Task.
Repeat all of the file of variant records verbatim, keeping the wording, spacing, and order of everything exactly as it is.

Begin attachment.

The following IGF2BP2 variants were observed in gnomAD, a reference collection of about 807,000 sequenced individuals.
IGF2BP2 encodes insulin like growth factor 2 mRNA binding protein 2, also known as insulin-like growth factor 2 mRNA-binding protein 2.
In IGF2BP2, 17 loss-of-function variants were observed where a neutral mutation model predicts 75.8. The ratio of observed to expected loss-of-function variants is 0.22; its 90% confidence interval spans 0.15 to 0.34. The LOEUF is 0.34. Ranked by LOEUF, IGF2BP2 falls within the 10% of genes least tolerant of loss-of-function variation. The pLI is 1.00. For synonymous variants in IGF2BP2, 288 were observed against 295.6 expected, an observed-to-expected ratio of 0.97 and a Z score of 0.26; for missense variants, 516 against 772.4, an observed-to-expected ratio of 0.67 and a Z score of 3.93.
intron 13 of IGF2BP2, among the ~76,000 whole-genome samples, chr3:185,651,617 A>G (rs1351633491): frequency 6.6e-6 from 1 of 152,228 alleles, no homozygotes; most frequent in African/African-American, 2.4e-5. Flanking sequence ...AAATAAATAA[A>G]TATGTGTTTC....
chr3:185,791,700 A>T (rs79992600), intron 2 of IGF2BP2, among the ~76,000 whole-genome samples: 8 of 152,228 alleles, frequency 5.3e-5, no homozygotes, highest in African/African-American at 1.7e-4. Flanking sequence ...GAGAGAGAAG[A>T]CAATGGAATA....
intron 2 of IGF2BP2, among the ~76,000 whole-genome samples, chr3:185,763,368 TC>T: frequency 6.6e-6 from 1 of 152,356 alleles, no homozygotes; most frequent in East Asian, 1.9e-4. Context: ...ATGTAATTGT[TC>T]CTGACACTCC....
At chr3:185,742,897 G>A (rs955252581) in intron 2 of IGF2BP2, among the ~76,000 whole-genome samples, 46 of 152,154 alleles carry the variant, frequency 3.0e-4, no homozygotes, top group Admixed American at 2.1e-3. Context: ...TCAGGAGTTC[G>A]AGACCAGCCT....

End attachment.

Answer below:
The following IGF2BP2 variants were observed in gnomAD, a reference collection of about 807,000 sequenced individuals.
IGF2BP2 encodes insulin like growth factor 2 mRNA binding protein 2, also known as insulin-like growth factor 2 mRNA-binding protein 2.
In IGF2BP2, 17 loss-of-function variants were observed where a neutral mutation model predicts 75.8. The ratio of observed to expected loss-of-function variants is 0.22; its 90% confidence interval spans 0.15 to 0.34. The LOEUF is 0.34. Ranked by LOEUF, IGF2BP2 falls within the 10% of genes least tolerant of loss-of-function variation. The pLI is 1.00. For synonymous variants in IGF2BP2, 288 were observed against 295.6 expected, an observed-to-expected ratio of 0.97 and a Z score of 0.26; for missense variants, 516 against 772.4, an observed-to-expected ratio of 0.67 and a Z score of 3.93.
intron 13 of IGF2BP2, among the ~76,000 whole-genome samples, chr3:185,651,617 A>G (rs1351633491): frequency 6.6e-6 from 1 of 152,228 alleles, no homozygotes; most frequent in African/African-American, 2.4e-5. Flanking sequence ...AAATAAATAA[A>G]TATGTGTTTC....
chr3:185,791,700 A>T (rs79992600), intron 2 of IGF2BP2, among the ~76,000 whole-genome samples: 8 of 152,228 alleles, frequency 5.3e-5, no homozygotes, highest in African/African-American at 1.7e-4. Flanking sequence ...GAGAGAGAAG[A>T]CAATGGAATA....
intron 2 of IGF2BP2, among the ~76,000 whole-genome samples, chr3:185,763,368 TC>T: frequency 6.6e-6 from 1 of 152,356 alleles, no homozygotes; most frequent in East Asian, 1.9e-4. Context: ...ATGTAATTGT[TC>T]CTGACACTCC....
At chr3:185,742,897 G>A (rs955252581) in intron 2 of IGF2BP2, among the ~76,000 whole-genome samples, 46 of 152,154 alleles carry the variant, frequency 3.0e-4, no homozygotes, top group Admixed American at 2.1e-3. Context: ...TCAGGAGTTC[G>A]AGACCAGCCT....